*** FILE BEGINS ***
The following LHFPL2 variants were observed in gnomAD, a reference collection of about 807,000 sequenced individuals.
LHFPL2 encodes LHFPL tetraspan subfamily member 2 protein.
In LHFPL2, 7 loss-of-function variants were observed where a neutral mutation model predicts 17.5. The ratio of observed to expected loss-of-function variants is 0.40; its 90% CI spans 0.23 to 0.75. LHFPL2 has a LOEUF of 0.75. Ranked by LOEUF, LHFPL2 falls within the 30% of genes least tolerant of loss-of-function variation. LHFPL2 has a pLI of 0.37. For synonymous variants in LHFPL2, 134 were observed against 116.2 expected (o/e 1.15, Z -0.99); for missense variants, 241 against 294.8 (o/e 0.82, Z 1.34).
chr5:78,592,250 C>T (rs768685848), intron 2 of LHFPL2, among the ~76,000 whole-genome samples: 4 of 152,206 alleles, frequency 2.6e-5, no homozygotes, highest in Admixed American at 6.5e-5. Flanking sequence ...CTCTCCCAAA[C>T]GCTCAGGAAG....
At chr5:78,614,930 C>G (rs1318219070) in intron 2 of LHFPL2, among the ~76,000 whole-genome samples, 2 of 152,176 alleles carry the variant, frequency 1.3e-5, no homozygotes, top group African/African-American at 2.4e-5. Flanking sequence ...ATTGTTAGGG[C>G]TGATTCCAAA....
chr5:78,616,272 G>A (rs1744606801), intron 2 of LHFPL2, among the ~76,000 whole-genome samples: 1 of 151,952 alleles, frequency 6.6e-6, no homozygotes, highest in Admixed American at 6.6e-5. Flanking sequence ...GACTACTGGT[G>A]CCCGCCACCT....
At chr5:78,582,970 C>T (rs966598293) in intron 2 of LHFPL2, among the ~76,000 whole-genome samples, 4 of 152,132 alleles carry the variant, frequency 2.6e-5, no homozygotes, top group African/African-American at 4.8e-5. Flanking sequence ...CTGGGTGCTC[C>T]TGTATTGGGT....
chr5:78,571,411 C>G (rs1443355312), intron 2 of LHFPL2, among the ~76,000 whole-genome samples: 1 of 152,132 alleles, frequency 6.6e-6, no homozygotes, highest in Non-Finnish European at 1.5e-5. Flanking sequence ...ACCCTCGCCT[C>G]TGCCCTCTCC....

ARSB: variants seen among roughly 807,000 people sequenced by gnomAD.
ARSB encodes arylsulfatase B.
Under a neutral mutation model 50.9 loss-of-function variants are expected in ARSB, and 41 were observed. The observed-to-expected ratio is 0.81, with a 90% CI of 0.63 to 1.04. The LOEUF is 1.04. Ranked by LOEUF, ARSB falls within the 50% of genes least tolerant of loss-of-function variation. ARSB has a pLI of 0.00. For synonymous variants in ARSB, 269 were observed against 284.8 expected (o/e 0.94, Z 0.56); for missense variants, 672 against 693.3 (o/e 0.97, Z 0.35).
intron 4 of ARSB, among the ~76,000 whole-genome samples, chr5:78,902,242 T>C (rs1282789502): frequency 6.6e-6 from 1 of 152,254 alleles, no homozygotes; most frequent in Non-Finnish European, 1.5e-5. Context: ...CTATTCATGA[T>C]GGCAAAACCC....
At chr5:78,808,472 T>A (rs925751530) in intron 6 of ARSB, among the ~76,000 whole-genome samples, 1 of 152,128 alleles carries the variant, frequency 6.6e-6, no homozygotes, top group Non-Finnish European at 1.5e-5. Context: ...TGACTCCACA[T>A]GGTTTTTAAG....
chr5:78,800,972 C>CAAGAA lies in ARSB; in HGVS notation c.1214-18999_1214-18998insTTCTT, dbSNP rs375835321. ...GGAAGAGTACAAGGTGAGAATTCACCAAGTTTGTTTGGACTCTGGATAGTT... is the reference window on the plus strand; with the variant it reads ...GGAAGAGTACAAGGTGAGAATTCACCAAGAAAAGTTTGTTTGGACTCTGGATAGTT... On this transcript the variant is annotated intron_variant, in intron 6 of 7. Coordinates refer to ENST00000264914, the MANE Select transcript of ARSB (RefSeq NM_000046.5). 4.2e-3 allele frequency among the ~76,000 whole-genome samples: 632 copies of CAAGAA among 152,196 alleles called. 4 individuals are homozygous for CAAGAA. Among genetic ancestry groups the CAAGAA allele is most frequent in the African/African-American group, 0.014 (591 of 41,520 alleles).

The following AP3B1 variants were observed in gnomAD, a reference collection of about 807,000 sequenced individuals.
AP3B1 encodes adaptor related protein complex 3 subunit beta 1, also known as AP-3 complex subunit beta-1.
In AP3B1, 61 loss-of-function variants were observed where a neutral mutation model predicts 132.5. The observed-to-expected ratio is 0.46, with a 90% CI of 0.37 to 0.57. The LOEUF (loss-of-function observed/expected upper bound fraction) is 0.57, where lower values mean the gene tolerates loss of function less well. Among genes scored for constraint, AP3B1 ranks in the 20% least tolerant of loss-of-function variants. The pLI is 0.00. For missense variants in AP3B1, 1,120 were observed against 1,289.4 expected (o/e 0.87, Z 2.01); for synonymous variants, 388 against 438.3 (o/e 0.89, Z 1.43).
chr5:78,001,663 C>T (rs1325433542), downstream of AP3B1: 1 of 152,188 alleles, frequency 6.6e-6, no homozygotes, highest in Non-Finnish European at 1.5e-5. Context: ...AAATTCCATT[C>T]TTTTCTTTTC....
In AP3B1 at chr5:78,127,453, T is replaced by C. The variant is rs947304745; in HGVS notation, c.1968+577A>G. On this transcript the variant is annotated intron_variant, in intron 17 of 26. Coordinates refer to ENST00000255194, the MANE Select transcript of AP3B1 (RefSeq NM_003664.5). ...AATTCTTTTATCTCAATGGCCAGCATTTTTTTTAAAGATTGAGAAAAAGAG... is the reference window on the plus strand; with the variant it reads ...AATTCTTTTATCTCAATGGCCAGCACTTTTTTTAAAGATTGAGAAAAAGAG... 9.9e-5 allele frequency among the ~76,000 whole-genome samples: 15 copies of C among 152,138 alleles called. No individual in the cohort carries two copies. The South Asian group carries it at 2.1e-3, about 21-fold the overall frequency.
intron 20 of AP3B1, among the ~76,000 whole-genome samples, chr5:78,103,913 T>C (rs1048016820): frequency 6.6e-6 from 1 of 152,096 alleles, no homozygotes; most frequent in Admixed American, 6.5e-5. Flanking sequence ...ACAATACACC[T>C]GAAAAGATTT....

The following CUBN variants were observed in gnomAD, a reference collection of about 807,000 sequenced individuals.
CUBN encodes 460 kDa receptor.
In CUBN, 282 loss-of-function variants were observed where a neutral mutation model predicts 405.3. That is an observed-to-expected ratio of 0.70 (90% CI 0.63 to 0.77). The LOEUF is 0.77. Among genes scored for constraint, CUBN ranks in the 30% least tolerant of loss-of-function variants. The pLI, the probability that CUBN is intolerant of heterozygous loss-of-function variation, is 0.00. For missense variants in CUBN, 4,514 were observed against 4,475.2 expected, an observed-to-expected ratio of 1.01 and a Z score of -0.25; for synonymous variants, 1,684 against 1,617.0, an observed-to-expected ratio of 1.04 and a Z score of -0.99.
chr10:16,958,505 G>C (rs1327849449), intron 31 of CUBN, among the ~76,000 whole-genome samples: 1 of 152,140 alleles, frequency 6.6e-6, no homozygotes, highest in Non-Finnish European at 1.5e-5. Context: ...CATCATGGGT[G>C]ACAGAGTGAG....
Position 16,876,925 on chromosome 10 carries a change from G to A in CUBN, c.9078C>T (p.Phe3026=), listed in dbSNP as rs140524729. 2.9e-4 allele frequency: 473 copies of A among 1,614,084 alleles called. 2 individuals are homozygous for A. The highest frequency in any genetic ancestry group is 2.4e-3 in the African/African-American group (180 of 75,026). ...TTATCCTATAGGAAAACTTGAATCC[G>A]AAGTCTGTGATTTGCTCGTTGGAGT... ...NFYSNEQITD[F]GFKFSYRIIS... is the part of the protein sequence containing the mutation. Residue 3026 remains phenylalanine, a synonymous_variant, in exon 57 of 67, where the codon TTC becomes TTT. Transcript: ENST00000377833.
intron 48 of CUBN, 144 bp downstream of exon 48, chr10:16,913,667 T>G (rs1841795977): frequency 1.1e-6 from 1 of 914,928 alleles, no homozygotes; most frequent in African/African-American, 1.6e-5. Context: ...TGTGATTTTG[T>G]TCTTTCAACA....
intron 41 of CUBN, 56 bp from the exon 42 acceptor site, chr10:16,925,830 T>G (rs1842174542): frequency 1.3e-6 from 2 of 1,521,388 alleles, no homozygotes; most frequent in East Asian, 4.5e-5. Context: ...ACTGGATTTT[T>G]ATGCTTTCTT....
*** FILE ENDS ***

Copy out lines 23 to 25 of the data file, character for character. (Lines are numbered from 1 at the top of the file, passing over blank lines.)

In CUBN, 282 loss-of-function variants were observed where a neutral mutation model predicts 405.3. That is an observed-to-expected ratio of 0.70 (90% CI 0.63 to 0.77). The LOEUF is 0.77. Among genes scored for constraint, CUBN ranks in the 30% least tolerant of loss-of-function variants. The pLI, the probability that CUBN is intolerant of heterozygous loss-of-function variation, is 0.00. For missense variants in CUBN, 4,514 were observed against 4,475.2 expected, an observed-to-expected ratio of 1.01 and a Z score of -0.25; for synonymous variants, 1,684 against 1,617.0, an observed-to-expected ratio of 1.04 and a Z score of -0.99.
chr10:16,958,505 G>C (rs1327849449), intron 31 of CUBN, among the ~76,000 whole-genome samples: 1 of 152,140 alleles, frequency 6.6e-6, no homozygotes, highest in Non-Finnish European at 1.5e-5. Context: ...CATCATGGGT[G>C]ACAGAGTGAG....
Position 16,876,925 on chromosome 10 carries a change from G to A in CUBN, c.9078C>T (p.Phe3026=), listed in dbSNP as rs140524729. 2.9e-4 allele frequency: 473 copies of A among 1,614,084 alleles called. 2 individuals are homozygous for A. The highest frequency in any genetic ancestry group is 2.4e-3 in the African/African-American group (180 of 75,026). ...TTATCCTATAGGAAAACTTGAATCC[G>A]AAGTCTGTGATTTGCTCGTTGGAGT... ...NFYSNEQITD[F]GFKFSYRIIS... is the part of the protein sequence containing the mutation. Residue 3026 remains phenylalanine, a synonymous_variant, in exon 57 of 67, where the codon TTC becomes TTT. Transcript: ENST00000377833.